0
Telecommunications: replacing or catalyzing mobility? ICT and physical travel, from substitution to hybridization   By Mas...
<ul><li>Aims of this talk are to offer evidence about: </li></ul><ul><li>Integration, neutrality, substitution and recipro...
It is intuitive that an e-mail often substitutes a physical letter, and that a remote connection saves a “proper” trip. In...
But… The relationship between ICT and travel-based activities are definitely more complex and inextricable than it appears...
<ul><li>ICT's effects on travel behaviors </li></ul><ul><li>ICT can be NEUTRAL to travel behaviors (not every e-mail subst...
<ul><li>ICT effects on travel behaviors </li></ul><ul><li>ICT can be NEUTRAL to travel behaviors (not every e-mail substit...
<ul><li>ICT effects on travel behaviors </li></ul><ul><li>ICT can be NEUTRAL to travel behaviors (not every e-mail substit...
<ul><li>ICT can CATALYZE physical travel. </li></ul><ul><li>Low cost flight companies can exist because of ICT; </li></ul>...
<ul><li>ICT effects on travel behaviors </li></ul><ul><li>ICT can be NEUTRAL to travel behaviors (not every e-mail substit...
In the past two centuries, growing ICT has been combined with a growing (physical) mobility. This trend is visible over th...
Another good example is paper consumption. Paper use has doubled, at least in the UK, despite (or because of) the strong d...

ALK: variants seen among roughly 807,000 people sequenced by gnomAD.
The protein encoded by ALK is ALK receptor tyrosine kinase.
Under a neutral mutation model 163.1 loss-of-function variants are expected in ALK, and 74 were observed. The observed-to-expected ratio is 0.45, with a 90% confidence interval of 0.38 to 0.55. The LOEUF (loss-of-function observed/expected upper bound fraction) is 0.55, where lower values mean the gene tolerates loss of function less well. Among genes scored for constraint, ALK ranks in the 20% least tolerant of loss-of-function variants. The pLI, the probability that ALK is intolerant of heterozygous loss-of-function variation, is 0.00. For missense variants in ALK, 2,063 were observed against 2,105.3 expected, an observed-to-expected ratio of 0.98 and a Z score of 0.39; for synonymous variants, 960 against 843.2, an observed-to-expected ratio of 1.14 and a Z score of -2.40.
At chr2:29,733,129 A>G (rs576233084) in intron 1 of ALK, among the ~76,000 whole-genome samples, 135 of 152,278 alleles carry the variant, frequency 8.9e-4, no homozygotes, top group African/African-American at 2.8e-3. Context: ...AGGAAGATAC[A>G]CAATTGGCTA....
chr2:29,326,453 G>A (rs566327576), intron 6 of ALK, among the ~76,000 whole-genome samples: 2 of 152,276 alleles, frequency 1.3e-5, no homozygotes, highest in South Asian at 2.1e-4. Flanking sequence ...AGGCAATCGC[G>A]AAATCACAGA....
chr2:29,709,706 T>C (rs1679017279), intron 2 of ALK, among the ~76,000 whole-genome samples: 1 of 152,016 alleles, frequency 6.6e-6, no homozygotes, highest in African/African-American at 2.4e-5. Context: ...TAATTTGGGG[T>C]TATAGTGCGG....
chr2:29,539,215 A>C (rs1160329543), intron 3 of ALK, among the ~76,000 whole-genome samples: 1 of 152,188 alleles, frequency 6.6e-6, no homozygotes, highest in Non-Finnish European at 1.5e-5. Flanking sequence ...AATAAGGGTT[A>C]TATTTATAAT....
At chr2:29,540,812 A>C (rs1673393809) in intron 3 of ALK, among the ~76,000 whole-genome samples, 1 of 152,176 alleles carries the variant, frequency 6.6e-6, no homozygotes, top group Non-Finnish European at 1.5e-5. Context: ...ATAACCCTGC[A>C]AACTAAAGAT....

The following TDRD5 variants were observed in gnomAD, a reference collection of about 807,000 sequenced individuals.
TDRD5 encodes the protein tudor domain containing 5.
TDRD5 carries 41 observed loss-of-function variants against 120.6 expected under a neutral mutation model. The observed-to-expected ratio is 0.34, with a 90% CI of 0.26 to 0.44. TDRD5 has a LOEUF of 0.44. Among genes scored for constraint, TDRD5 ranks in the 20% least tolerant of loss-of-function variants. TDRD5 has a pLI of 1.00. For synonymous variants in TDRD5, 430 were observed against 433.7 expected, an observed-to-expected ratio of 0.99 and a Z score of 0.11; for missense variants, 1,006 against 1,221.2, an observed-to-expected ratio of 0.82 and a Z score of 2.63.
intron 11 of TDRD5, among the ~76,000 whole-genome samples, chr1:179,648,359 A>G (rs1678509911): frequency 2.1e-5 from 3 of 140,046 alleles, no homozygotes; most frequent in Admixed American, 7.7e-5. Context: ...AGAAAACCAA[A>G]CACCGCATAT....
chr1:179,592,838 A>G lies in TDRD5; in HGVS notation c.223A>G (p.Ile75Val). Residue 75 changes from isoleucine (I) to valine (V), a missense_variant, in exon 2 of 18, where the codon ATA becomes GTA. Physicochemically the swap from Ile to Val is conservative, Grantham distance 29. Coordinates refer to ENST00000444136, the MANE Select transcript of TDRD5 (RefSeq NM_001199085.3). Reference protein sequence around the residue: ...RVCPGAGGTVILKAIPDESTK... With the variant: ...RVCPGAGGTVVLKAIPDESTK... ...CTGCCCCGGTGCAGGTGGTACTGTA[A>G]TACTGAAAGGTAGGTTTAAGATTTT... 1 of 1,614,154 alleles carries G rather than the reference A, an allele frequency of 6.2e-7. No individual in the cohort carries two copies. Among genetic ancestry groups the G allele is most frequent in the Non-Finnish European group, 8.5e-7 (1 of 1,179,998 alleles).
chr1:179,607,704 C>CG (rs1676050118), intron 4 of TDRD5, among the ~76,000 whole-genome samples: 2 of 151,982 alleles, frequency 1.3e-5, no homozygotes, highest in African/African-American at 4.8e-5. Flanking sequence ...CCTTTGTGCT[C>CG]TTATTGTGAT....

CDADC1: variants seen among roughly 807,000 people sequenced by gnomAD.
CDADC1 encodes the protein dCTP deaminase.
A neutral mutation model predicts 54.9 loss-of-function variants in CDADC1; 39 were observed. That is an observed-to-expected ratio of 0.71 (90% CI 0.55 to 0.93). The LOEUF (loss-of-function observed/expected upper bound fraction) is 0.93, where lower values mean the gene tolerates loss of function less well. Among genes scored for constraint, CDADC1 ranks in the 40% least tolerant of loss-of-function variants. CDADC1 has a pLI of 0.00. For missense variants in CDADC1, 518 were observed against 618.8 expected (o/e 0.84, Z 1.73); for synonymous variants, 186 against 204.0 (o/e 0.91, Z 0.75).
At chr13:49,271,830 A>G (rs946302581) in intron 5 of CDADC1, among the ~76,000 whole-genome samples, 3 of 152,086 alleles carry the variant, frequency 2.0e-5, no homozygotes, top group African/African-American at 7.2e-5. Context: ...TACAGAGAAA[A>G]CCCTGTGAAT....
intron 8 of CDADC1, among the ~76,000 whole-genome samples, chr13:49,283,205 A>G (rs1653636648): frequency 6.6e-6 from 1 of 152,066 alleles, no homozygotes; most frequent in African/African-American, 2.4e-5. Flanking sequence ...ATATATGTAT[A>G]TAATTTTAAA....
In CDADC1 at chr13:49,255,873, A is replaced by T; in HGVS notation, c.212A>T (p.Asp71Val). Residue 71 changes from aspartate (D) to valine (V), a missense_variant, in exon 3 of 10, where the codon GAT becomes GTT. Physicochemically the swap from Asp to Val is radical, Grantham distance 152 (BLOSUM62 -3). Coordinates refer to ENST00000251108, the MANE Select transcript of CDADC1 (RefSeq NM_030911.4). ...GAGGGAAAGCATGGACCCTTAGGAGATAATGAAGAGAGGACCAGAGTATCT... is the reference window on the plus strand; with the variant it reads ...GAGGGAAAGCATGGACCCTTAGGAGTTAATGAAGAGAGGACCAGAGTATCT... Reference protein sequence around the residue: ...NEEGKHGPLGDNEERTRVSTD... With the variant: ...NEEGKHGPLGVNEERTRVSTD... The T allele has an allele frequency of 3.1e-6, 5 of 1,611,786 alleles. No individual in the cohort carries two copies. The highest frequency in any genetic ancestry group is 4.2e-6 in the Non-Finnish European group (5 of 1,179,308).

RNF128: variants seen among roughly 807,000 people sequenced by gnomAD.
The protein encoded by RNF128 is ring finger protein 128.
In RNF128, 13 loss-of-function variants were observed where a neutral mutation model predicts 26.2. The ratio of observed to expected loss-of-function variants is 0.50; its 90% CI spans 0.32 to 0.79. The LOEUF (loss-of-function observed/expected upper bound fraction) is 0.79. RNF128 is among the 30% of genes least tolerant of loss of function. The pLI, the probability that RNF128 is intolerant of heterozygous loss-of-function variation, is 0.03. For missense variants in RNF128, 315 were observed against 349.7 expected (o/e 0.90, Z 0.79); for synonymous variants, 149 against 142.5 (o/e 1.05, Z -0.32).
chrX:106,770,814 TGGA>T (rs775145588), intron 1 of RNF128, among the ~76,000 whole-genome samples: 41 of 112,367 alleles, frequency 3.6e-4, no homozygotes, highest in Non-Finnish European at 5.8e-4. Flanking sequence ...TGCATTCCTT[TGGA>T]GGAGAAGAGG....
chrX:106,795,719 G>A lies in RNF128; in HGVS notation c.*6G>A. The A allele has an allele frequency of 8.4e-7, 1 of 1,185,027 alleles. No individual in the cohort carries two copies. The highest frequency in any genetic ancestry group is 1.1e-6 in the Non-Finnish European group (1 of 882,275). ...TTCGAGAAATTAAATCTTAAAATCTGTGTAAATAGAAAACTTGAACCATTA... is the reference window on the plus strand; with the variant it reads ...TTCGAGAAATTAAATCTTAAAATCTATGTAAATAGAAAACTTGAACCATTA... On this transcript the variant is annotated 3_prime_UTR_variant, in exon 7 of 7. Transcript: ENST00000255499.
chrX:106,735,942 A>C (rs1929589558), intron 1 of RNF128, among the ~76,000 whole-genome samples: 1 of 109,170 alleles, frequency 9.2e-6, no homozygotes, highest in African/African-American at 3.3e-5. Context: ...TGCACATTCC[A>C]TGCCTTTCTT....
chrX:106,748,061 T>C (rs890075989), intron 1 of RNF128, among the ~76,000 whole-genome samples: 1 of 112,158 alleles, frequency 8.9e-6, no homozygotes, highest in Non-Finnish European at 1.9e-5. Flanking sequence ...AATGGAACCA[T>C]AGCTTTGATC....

So what? 1. The relationship between ICT and travel is rather complex, convoluted and difficult to clarify.  3.  ICT and t...
So what? 1. The relationship between ICT and travel is rather complex, convoluted and difficult to clarify.   2. But we ca...
The technical availability of (cheap) ICT is pushing travelers to consume more ICT.  3.  ICT and travelling NOT as alterna...
3.  ICT and travelling NOT as alternative kingdoms
The technical availability of (cheap) ICT is pushing (not paradoxically) people to travel more.  3.  ICT and travelling NO...
3.  ICT and travelling NOT as alternative kingdoms
The relationship between the two worlds of ICT and travel are also affected by the concept of MULTITASKING. (Kenyon and Ly...
<ul><li>More concepts seem useful in analyzing ICT and travel. </li></ul><ul><li>- ICT allows “serial” travelers (who are ...
ICT is therefore not just a substitute for travel, but also instigates travels opportunities. More inputs = more outputs =...
Which trends? The rise of energy costs is difficult to predict, but all experts bet on it. Therefore, in the medium run, t...
Expensive energy does not necessarily mean less travel: e.g. USA car use is a constant trend, despite increasing costs for...
But the energy issue is not the only reason for an expansion of video-conferencing.  There is a broader awareness of socia...
Finally, companies quest for efficiency and cost control will push towards substituting travel with video-conferencing. Th...
Thanks for your attention!
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Moraglio

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  • 08/03/11
  • 08/03/11
  • 08/03/11
  • 08/03/11
  • Transcript of "Moraglio"

    1. 1. Telecommunications: replacing or catalyzing mobility? ICT and physical travel, from substitution to hybridization By Massimo Moraglio - Berlin Technical University IMTC – 2011 CTO Roundtable
    2. 2. <ul><li>Aims of this talk are to offer evidence about: </li></ul><ul><li>Integration, neutrality, substitution and reciprocal catalyzing between ICT and travel attitudes; </li></ul><ul><li>ICT and travel worlds NOT as a zero-sum game; </li></ul><ul><li>3. ICT and travel NOT as alternative kingdoms. </li></ul>IMTC – 2011 CTO Roundtable